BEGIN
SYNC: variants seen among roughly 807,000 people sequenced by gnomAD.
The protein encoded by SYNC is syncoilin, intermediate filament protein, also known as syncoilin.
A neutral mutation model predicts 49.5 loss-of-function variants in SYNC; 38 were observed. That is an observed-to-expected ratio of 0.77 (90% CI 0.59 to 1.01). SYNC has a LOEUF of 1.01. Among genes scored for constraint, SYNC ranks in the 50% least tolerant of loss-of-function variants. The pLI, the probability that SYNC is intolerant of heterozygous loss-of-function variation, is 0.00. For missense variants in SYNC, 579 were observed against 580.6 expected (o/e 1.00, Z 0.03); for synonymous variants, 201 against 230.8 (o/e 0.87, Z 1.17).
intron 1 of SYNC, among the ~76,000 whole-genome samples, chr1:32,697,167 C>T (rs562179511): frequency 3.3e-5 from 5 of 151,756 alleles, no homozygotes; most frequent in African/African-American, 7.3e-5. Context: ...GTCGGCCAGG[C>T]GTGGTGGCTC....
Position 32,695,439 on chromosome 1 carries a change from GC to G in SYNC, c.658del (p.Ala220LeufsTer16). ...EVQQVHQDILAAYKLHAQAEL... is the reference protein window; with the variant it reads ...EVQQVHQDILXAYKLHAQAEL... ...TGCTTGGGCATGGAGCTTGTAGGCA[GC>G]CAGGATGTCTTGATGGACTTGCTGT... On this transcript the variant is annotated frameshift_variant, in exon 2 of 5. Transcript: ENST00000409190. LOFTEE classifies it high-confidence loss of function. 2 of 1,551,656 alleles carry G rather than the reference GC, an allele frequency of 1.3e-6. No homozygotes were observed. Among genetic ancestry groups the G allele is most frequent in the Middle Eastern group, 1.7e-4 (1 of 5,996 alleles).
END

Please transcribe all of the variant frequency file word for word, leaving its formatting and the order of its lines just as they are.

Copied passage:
SYNC: variants seen among roughly 807,000 people sequenced by gnomAD.
The protein encoded by SYNC is syncoilin, intermediate filament protein, also known as syncoilin.
A neutral mutation model predicts 49.5 loss-of-function variants in SYNC; 38 were observed. That is an observed-to-expected ratio of 0.77 (90% CI 0.59 to 1.01). SYNC has a LOEUF of 1.01. Among genes scored for constraint, SYNC ranks in the 50% least tolerant of loss-of-function variants. The pLI, the probability that SYNC is intolerant of heterozygous loss-of-function variation, is 0.00. For missense variants in SYNC, 579 were observed against 580.6 expected (o/e 1.00, Z 0.03); for synonymous variants, 201 against 230.8 (o/e 0.87, Z 1.17).
intron 1 of SYNC, among the ~76,000 whole-genome samples, chr1:32,697,167 C>T (rs562179511): frequency 3.3e-5 from 5 of 151,756 alleles, no homozygotes; most frequent in African/African-American, 7.3e-5. Context: ...GTCGGCCAGG[C>T]GTGGTGGCTC....
Position 32,695,439 on chromosome 1 carries a change from GC to G in SYNC, c.658del (p.Ala220LeufsTer16). ...EVQQVHQDILAAYKLHAQAEL... is the reference protein window; with the variant it reads ...EVQQVHQDILXAYKLHAQAEL... ...TGCTTGGGCATGGAGCTTGTAGGCA[GC>G]CAGGATGTCTTGATGGACTTGCTGT... On this transcript the variant is annotated frameshift_variant, in exon 2 of 5. Transcript: ENST00000409190. LOFTEE classifies it high-confidence loss of function. 2 of 1,551,656 alleles carry G rather than the reference GC, an allele frequency of 1.3e-6. No homozygotes were observed. Among genetic ancestry groups the G allele is most frequent in the Middle Eastern group, 1.7e-4 (1 of 5,996 alleles).